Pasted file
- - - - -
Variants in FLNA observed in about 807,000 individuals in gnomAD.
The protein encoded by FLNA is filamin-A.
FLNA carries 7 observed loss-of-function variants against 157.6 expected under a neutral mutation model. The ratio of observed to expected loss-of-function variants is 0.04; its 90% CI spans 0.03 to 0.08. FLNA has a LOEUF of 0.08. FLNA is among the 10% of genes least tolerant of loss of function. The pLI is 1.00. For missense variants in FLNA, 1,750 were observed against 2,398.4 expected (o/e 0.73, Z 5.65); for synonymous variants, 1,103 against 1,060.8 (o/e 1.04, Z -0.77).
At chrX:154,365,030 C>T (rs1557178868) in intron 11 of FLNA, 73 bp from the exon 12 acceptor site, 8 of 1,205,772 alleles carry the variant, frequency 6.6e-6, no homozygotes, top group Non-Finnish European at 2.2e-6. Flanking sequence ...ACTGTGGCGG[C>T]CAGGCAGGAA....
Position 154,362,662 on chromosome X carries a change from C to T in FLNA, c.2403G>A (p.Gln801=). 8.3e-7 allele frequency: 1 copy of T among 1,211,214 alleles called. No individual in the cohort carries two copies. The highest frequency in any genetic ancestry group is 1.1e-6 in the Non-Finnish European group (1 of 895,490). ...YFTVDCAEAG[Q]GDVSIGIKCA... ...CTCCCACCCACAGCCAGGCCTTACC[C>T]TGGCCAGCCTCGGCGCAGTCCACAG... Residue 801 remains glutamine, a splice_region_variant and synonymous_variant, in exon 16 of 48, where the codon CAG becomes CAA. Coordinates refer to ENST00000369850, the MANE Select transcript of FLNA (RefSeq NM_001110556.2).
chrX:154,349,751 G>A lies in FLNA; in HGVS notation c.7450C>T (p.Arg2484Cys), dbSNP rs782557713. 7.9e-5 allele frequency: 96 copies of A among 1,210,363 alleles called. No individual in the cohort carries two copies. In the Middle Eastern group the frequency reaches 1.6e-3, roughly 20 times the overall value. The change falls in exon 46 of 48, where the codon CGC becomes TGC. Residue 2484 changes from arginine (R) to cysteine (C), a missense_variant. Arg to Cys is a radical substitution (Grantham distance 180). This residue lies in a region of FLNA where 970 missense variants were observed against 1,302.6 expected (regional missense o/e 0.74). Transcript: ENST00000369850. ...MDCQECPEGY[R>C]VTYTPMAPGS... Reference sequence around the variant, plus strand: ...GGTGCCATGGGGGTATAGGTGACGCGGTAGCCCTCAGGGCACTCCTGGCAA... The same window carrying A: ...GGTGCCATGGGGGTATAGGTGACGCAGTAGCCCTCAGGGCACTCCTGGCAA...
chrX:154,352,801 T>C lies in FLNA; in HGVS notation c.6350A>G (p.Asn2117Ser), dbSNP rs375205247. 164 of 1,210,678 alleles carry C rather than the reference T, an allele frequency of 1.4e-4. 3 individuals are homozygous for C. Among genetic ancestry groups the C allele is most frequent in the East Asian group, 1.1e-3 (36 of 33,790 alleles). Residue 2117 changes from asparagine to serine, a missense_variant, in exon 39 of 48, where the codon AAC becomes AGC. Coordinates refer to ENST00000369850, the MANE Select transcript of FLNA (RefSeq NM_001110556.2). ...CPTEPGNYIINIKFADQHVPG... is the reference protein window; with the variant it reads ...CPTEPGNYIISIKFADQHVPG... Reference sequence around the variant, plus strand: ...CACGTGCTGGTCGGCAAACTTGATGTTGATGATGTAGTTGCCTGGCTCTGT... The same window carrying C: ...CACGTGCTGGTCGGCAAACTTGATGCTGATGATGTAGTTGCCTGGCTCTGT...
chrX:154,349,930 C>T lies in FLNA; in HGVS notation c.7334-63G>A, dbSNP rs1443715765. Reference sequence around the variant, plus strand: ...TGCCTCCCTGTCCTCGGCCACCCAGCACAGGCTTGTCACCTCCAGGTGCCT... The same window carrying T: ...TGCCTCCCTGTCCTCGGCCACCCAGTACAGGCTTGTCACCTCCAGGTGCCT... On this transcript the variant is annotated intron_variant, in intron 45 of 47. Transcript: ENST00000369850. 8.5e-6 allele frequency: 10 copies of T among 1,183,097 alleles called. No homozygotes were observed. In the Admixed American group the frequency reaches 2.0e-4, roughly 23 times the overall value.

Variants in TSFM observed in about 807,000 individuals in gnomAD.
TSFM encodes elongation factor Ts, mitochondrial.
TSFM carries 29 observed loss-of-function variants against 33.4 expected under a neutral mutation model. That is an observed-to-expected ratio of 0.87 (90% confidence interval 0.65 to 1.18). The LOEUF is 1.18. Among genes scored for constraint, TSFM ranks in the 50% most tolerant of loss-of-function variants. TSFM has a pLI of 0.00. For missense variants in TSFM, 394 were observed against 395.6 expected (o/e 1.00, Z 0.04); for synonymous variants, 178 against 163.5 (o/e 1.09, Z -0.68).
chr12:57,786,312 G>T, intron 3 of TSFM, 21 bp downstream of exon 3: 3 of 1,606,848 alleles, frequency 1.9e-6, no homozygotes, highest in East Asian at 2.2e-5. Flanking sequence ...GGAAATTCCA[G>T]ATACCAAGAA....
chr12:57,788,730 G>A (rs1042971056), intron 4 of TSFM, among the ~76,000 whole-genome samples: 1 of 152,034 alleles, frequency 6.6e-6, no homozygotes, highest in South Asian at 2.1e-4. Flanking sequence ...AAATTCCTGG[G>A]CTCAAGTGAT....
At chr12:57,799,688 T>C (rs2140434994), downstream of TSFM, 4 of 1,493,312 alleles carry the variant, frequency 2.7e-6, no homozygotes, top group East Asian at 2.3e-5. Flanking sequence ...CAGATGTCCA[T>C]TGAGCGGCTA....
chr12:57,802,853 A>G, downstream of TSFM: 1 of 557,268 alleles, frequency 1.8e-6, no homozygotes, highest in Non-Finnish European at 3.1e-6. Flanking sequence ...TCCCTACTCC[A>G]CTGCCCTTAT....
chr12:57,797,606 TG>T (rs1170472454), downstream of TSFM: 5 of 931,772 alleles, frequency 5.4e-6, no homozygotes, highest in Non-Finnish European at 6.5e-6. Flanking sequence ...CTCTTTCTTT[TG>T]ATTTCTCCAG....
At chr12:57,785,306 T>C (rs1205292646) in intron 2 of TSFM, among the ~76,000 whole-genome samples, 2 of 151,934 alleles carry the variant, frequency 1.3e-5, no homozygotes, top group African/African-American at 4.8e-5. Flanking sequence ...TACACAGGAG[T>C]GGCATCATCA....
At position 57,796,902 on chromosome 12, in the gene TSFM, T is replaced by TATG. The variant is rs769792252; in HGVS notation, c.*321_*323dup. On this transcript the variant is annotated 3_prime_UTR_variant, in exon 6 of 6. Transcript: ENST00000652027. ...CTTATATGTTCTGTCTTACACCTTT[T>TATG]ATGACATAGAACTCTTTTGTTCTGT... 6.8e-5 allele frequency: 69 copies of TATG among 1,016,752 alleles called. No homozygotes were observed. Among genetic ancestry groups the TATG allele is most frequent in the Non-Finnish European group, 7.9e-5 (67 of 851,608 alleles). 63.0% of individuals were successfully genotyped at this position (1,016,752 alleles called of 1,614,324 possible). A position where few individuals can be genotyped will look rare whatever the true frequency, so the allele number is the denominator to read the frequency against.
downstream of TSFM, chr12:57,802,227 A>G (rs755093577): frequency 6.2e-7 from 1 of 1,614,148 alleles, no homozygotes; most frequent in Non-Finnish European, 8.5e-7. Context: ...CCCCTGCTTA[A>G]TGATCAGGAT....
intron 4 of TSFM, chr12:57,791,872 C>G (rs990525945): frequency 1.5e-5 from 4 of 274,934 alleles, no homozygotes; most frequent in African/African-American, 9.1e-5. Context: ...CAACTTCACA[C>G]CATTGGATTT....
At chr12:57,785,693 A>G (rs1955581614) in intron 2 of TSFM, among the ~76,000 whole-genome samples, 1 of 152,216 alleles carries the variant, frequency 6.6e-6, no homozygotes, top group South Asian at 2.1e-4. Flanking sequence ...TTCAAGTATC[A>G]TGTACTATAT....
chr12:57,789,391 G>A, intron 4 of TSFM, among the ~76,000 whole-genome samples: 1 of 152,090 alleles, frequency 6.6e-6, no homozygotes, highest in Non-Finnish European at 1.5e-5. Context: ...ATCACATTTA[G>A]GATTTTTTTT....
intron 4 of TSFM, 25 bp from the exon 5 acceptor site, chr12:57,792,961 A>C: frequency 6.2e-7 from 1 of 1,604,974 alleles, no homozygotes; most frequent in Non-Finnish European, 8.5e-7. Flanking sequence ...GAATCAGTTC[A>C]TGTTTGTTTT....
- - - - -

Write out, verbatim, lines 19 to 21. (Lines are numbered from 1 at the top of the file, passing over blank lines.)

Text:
downstream of TSFM, chr12:57,802,227 A>G (rs755093577): frequency 6.2e-7 from 1 of 1,614,148 alleles, no homozygotes; most frequent in Non-Finnish European, 8.5e-7. Context: ...CCCCTGCTTA[A>G]TGATCAGGAT....
intron 4 of TSFM, chr12:57,791,872 C>G (rs990525945): frequency 1.5e-5 from 4 of 274,934 alleles, no homozygotes; most frequent in African/African-American, 9.1e-5. Context: ...CAACTTCACA[C>G]CATTGGATTT....
At chr12:57,785,693 A>G (rs1955581614) in intron 2 of TSFM, among the ~76,000 whole-genome samples, 1 of 152,216 alleles carries the variant, frequency 6.6e-6, no homozygotes, top group South Asian at 2.1e-4. Flanking sequence ...TTCAAGTATC[A>G]TGTACTATAT....